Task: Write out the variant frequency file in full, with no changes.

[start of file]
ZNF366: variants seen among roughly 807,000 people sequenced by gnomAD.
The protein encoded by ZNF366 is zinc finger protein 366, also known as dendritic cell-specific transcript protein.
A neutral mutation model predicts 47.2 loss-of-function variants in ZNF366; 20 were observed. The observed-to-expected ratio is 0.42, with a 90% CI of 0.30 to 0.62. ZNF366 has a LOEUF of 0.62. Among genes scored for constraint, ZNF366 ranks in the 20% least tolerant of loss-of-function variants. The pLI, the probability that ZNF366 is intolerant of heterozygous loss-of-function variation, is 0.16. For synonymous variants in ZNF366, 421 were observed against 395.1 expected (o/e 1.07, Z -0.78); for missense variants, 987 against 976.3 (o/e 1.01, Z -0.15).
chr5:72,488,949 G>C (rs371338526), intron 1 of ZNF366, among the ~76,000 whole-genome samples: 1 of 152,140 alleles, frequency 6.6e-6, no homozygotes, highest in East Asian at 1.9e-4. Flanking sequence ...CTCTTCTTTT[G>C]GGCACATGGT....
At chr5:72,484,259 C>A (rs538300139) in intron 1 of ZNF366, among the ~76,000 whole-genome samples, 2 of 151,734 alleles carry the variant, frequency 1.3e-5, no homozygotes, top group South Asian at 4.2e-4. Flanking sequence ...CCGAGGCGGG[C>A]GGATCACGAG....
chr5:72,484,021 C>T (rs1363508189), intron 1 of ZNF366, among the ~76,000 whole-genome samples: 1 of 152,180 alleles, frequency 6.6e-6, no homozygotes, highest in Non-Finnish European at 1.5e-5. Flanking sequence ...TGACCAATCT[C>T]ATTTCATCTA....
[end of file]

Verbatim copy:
ZNF366: variants seen among roughly 807,000 people sequenced by gnomAD.
The protein encoded by ZNF366 is zinc finger protein 366, also known as dendritic cell-specific transcript protein.
A neutral mutation model predicts 47.2 loss-of-function variants in ZNF366; 20 were observed. The observed-to-expected ratio is 0.42, with a 90% CI of 0.30 to 0.62. ZNF366 has a LOEUF of 0.62. Among genes scored for constraint, ZNF366 ranks in the 20% least tolerant of loss-of-function variants. The pLI, the probability that ZNF366 is intolerant of heterozygous loss-of-function variation, is 0.16. For synonymous variants in ZNF366, 421 were observed against 395.1 expected (o/e 1.07, Z -0.78); for missense variants, 987 against 976.3 (o/e 1.01, Z -0.15).
chr5:72,488,949 G>C (rs371338526), intron 1 of ZNF366, among the ~76,000 whole-genome samples: 1 of 152,140 alleles, frequency 6.6e-6, no homozygotes, highest in East Asian at 1.9e-4. Flanking sequence ...CTCTTCTTTT[G>C]GGCACATGGT....
At chr5:72,484,259 C>A (rs538300139) in intron 1 of ZNF366, among the ~76,000 whole-genome samples, 2 of 151,734 alleles carry the variant, frequency 1.3e-5, no homozygotes, top group South Asian at 4.2e-4. Flanking sequence ...CCGAGGCGGG[C>A]GGATCACGAG....
chr5:72,484,021 C>T (rs1363508189), intron 1 of ZNF366, among the ~76,000 whole-genome samples: 1 of 152,180 alleles, frequency 6.6e-6, no homozygotes, highest in Non-Finnish European at 1.5e-5. Flanking sequence ...TGACCAATCT[C>T]ATTTCATCTA....